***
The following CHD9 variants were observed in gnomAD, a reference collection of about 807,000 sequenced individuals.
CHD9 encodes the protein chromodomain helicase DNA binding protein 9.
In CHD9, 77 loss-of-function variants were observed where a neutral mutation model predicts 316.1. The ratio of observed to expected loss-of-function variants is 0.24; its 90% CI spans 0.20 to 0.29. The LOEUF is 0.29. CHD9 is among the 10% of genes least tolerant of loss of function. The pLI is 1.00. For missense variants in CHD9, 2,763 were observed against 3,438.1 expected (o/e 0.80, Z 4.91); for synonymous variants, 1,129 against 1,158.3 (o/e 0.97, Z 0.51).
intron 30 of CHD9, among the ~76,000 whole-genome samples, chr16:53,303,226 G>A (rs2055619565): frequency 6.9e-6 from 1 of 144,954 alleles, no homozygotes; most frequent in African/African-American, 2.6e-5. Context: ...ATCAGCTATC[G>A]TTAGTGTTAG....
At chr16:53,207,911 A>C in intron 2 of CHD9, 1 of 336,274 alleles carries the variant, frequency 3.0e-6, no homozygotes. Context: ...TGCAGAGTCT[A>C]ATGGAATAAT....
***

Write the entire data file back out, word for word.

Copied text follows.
The following CHD9 variants were observed in gnomAD, a reference collection of about 807,000 sequenced individuals.
CHD9 encodes the protein chromodomain helicase DNA binding protein 9.
In CHD9, 77 loss-of-function variants were observed where a neutral mutation model predicts 316.1. The ratio of observed to expected loss-of-function variants is 0.24; its 90% CI spans 0.20 to 0.29. The LOEUF is 0.29. CHD9 is among the 10% of genes least tolerant of loss of function. The pLI is 1.00. For missense variants in CHD9, 2,763 were observed against 3,438.1 expected (o/e 0.80, Z 4.91); for synonymous variants, 1,129 against 1,158.3 (o/e 0.97, Z 0.51).
intron 30 of CHD9, among the ~76,000 whole-genome samples, chr16:53,303,226 G>A (rs2055619565): frequency 6.9e-6 from 1 of 144,954 alleles, no homozygotes; most frequent in African/African-American, 2.6e-5. Context: ...ATCAGCTATC[G>A]TTAGTGTTAG....
At chr16:53,207,911 A>C in intron 2 of CHD9, 1 of 336,274 alleles carries the variant, frequency 3.0e-6, no homozygotes. Context: ...TGCAGAGTCT[A>C]ATGGAATAAT....